It almost felt like home when I walked through the glass revolving doors of the Berlin Intercontinental Hotel Monday. I did not want to make assumptions as my eyes traveled the wide open lobby. Actually, I was listening more than I was looking – listening for English-speakers – listening for a heart-felt Southern drawl! It only took me a public radio 30 seconds to find them!
I was greeted by Darren Segool, lead teacher on this special trip to Germany. Segool and 30 other North Carolina K-12 “Global Teachers” are here thanks to UNC – “The Center for International Understanding.” Their itinerary looks amazing – an introduction to the German education model, site visit to the Mercedes Benz Museum and a guided tour of a small energy-efficient village in the black forest region. I joined them Tuesday, on the first leg of their adventure, to the “Siemens Technik Academie” in Berlin where hundreds of students are trained a year.
There are more than 1,300 students at this Siemens educational training center in Berlin, its largest training center in the world. Martin Stockmann is responsible for Education and Training in this part of Germany. He says about 40,000 students a year apply for their on-site Associates program. Only 2,500 are selected! After two years at Siemens, the students move on to complete the last two years at a university. Stockmann says about 85% of them end up working for Siemens.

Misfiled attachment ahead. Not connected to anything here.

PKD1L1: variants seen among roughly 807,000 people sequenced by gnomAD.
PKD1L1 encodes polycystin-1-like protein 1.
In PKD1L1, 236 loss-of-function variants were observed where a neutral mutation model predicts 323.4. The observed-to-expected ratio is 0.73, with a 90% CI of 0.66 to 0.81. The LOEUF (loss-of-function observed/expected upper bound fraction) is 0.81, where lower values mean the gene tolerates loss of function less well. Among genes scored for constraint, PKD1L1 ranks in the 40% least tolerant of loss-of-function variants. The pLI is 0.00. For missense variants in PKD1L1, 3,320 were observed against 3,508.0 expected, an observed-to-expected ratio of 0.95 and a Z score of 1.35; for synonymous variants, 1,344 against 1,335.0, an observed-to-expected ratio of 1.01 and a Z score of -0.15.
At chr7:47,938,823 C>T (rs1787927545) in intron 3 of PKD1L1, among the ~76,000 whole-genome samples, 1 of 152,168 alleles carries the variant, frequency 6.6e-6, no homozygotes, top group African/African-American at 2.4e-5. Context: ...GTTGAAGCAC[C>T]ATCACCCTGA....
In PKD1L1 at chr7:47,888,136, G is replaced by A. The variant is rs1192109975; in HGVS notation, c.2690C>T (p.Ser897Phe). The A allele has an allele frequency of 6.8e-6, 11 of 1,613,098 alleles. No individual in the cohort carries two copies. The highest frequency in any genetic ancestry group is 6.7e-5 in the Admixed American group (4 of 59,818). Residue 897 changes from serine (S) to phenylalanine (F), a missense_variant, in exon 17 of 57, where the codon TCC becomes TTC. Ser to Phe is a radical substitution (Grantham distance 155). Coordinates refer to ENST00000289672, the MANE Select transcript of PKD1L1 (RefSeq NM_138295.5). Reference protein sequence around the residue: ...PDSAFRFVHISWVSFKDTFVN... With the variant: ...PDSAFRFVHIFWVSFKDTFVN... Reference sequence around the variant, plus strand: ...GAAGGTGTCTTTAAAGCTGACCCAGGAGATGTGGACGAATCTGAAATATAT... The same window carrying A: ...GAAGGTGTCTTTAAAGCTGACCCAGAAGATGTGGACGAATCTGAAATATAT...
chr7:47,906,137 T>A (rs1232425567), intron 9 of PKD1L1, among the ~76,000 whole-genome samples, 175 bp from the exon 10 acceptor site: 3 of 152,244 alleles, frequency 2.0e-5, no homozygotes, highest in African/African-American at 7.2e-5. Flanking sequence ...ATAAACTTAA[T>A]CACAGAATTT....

Kelly Denny is a teacher at Fox Road IB Magnet Elementary School in Wake County. She had plenty of questions for Siemens guides and students. Denny says she was impressed by how much students focused on teamwork. “They were efficient, effective, communicated, and no doubt about it, that is what they were expected to do,” said Denny.
One stop on our Siemens visit was to the Smart Grid Showroom. Marjorie Light teaches at the Early College High School at North Carolina Central University (NCCU). “This is so incredible,” said Light. She also was impressed at how seriously team work is encouraged and demanded. “If one person fails, it causes failure down the line,” said Light. “It’s about team work and not individuality.”
North Carolina is grapling with ways to lower the unemployment rate of young people. And there is an emphasis on training students, earlier, for careers in advanced manufacturing. Siemens – a world leader in Energy Sector innovation and other integrated technologies – was recognized by President Barack Obama as a role model for its vocational training. There is a training program at the Siemens Energy Hub in Charlotte. But can the German model really be replicated in the US? How much does “culture” play a role?
I hope to answer some of the many questions raised about teaching and training our future workforce. Germans have a term they use to describe the flexible, integration of skills developed and ability to help the young perform – “Handlungskompetenz.” Say it real fast! Time to pack and head home!